- The Washington Times - Saturday, July 9, 2005

Whatever you may think of the performances, the statements by the various artists and announcers in last weekend’s Live 8 concert — 10 different concerts broadcast worldwide by some of the world’s most well-known musical celebrities — amounted to a curious amalgam of feel-good sentiments leavened with noblisse oblige.

The multimedia extravaganza aimed at raising awareness and also pressuring world political leaders, meeting at the G-8 conference in Scotland, to relieve African poverty. Millions were urged to sign an online petition demanding Third World debt cancellation and doubled aid for these countries.

During the concert, impresario Bob Geldof hectored his audience with sarcasm, “Eight people in a five-star hotel on a golf course are going to have to listen to us.” Madonna, when not lewdly thrusting her pelvis at the audience and sprinkling profanities here and there, called for a “revolution to change the world.” Sting ominously warned the G-8 leaders with newly found lyrics: “Every vow you break, every step you take, every single day, every word you say, every game you play… we’ll be watching you.”

Despite the incongruous posturing of multimillionaire rock and pop stars and lesser performers who simply savored the global publicity, a private charity such as this can raise millions of dollars for a worthy cause. Twenty years ago, Mr. Geldof organized the similar Live Aid concerts and reportedly raised $2 billion for African famine relief.

Missing from this charity, however, is a clear understanding of the problem’s causes. Simply throwing more money at Africa — particularly at the government level — never solved anything. What happened to the $2 billion from the Live Aid concerts? What happened to the other $25 billion given by other private and public donors over the last decade? Why did African economic output drop 35 percent since the Live Aid concert?



Africa continues mired in poverty, as well as debt and squalid social conditions and unrest. Dominated by state terrorism and wanton carnage, countless thousands of its people have been uprooted by wars and genocide and have been made refugees in their own countries. Economic stability and growth are not possible where brutality, oppression and political tyranny rule.

Of 54 African countries, less than 15 are democratic. Africa represents 70 percent of world AIDS cases, and more than 12 million people have already died from it. In countries with tremendous wealth in mineral resources, including gold, diamonds and precious metals, corrupt African political leaders have garnered it for themselves and their supporters, and consigned ordinary Africans to poverty, misery, even starvation by sloganeering, brutal repression and arrant plunder.

In a new book, “Africa Unchained: A Blueprint for Africa’s Future,” economist George B.N. Aittey argues there are really two Africas. The first is the traditional, indigenous Africa, the country of the peasant majority who produce the nation’s agricultural and mineral wealth, and who struggle to survive among their splintered tribes and societies.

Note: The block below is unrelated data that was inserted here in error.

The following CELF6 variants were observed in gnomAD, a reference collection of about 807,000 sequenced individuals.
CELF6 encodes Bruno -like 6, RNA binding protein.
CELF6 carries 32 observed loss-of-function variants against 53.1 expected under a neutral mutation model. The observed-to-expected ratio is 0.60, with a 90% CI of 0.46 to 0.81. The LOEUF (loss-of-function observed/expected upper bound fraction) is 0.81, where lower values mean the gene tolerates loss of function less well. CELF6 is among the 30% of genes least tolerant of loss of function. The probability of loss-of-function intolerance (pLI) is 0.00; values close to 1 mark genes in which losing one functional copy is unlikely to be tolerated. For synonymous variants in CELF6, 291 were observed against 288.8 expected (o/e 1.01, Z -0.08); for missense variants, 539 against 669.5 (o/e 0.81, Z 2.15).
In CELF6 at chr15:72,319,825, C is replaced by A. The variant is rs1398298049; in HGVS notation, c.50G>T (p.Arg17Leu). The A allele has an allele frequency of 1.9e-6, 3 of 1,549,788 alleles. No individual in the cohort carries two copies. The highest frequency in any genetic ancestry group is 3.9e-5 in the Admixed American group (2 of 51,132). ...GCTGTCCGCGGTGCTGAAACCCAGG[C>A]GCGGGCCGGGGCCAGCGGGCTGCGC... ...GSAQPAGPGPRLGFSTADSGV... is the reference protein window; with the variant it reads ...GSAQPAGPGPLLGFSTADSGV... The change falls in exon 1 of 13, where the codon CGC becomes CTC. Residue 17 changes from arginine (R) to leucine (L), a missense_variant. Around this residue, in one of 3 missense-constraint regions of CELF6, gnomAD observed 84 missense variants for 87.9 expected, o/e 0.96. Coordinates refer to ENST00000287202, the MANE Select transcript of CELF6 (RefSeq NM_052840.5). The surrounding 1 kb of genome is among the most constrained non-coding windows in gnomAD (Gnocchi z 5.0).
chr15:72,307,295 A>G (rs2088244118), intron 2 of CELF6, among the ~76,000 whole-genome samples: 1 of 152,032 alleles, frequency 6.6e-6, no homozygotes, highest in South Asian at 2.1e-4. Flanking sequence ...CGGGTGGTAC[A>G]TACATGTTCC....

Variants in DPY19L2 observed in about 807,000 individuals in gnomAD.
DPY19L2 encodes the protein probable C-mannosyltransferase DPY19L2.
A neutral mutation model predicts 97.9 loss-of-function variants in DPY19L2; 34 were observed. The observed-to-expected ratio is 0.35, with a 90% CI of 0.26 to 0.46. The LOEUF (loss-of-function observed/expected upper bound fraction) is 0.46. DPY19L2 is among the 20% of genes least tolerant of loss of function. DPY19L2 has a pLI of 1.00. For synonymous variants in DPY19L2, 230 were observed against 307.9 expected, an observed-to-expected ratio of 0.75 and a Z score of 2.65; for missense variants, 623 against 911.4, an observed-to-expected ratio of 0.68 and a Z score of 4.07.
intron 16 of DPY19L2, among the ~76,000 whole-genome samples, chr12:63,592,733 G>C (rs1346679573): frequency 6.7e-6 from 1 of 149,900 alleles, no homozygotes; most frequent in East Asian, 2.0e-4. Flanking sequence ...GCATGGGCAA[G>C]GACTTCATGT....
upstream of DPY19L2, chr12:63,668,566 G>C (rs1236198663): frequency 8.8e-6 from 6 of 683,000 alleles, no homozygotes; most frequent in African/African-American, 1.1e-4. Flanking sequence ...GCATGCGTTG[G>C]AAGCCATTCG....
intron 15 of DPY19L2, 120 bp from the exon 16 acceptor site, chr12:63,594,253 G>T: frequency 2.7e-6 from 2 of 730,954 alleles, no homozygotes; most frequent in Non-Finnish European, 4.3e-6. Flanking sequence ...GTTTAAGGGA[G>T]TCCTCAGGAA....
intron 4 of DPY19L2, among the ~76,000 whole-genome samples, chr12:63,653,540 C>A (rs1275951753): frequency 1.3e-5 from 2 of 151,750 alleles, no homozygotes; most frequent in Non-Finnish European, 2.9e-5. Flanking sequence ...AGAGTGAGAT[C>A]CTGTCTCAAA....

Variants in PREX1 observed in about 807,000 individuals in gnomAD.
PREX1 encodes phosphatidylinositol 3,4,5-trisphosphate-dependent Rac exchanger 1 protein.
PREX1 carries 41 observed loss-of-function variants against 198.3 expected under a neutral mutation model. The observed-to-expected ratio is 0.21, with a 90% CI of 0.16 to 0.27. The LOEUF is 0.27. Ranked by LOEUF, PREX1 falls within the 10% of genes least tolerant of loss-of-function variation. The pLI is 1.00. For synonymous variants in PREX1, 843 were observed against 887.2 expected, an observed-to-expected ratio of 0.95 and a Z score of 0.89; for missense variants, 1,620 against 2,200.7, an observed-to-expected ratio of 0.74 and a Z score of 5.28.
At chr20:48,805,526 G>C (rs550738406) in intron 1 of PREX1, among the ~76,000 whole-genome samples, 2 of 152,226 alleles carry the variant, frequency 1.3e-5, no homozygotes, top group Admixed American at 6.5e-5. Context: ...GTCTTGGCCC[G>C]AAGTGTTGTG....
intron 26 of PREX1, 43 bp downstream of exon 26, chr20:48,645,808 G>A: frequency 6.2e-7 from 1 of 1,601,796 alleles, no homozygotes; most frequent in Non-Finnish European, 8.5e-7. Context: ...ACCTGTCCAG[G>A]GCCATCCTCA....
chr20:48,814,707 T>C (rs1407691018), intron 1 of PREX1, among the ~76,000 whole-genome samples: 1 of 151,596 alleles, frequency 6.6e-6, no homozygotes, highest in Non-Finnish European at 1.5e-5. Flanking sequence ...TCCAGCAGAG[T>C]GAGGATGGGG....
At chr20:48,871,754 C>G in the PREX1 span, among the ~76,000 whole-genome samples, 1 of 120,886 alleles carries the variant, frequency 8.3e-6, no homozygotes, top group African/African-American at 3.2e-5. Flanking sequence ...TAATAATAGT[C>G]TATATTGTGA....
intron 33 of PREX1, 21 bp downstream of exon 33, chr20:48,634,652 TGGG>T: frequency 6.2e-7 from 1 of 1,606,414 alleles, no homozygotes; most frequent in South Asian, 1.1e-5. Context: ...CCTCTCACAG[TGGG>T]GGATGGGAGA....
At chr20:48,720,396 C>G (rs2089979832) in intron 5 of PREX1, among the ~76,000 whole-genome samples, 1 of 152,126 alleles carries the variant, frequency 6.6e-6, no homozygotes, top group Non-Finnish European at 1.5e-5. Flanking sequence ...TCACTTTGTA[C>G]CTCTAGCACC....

Modern Africa is the second, Mr. Aittey says. This is where “functionally illiterate elites and parasitic minority groups have created a bizarre politico-economic monstrosity that admits of no rule of law, no accountability, no democracy of any form, and even no sanity.”

In their respective countries, power-hungry, ruling gangster elites have debauched all government institutions — the military,civil service, police and judiciary — through intimidation, graft and murder. Mr. Aittey documents how these crooks and scoundrels have used the instruments of the state to enrich themselves and impoverish everyone else.

Nigerian scholar Ikenna Anokwute adds, “Imagine John Gotti or Al Capone as president of the United States. Well, welcome to the reign of thieves and vagabonds, welcome to our Nigeria today, a gangster’s paradise.”

Among political and economic reforms needed to get Africa on track, Mr. Aittey says the current corruption can be ended only by creating a continentwide, independent judiciary, military, press and political infrastructure, so free markets can flourish.

Simply pouring money into the current rat hole, like the money from Live 8, won’t solve these systemic problems, let alone eliminate sub-Saharan poverty. It will only funnel money into corrupt pockets. Afterward, the rich rock stars can shrug their shoulders, walk away, and say, “We’ve done what we could, but it didn’t work.”

BARRETT KALELLIS

A Michigan-based columnist and writer whose articles appear regularly in various local and national print and online publications. He may be reached at:

kalellis@hotmail.com.

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